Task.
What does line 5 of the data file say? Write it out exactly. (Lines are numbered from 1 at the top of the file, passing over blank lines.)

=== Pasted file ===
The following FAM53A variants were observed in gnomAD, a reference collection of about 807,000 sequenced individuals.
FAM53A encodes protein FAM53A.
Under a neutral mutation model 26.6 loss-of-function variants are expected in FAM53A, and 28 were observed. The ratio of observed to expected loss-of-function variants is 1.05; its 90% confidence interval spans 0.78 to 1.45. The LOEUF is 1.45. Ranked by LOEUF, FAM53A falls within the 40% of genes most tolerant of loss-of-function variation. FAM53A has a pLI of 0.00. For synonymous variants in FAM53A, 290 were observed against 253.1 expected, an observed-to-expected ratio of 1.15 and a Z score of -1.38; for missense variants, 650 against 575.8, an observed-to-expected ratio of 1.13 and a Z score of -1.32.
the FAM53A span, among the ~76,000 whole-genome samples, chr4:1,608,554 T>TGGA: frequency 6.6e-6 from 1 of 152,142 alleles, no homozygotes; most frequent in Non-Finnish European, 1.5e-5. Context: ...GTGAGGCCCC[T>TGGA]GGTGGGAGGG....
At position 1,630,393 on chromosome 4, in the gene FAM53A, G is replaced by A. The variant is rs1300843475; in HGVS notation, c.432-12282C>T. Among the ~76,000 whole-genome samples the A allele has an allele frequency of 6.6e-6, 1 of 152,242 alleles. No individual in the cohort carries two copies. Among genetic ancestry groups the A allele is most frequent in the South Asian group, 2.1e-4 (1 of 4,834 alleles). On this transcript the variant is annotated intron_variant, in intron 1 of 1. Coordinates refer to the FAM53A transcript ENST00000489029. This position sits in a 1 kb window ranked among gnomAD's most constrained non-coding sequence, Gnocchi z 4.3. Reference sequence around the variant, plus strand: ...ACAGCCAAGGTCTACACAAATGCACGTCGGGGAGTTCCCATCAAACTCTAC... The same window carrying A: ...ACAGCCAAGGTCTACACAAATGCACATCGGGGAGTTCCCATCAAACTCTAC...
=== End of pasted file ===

At position 1,630,393 on chromosome 4, in the gene FAM53A, G is replaced by A. The variant is rs1300843475; in HGVS notation, c.432-12282C>T. Among the ~76,000 whole-genome samples the A allele has an allele frequency of 6.6e-6, 1 of 152,242 alleles. No individual in the cohort carries two copies. Among genetic ancestry groups the A allele is most frequent in the South Asian group, 2.1e-4 (1 of 4,834 alleles). On this transcript the variant is annotated intron_variant, in intron 1 of 1. Coordinates refer to the FAM53A transcript ENST00000489029. This position sits in a 1 kb window ranked among gnomAD's most constrained non-coding sequence, Gnocchi z 4.3. Reference sequence around the variant, plus strand: ...ACAGCCAAGGTCTACACAAATGCACGTCGGGGAGTTCCCATCAAACTCTAC... The same window carrying A: ...ACAGCCAAGGTCTACACAAATGCACATCGGGGAGTTCCCATCAAACTCTAC...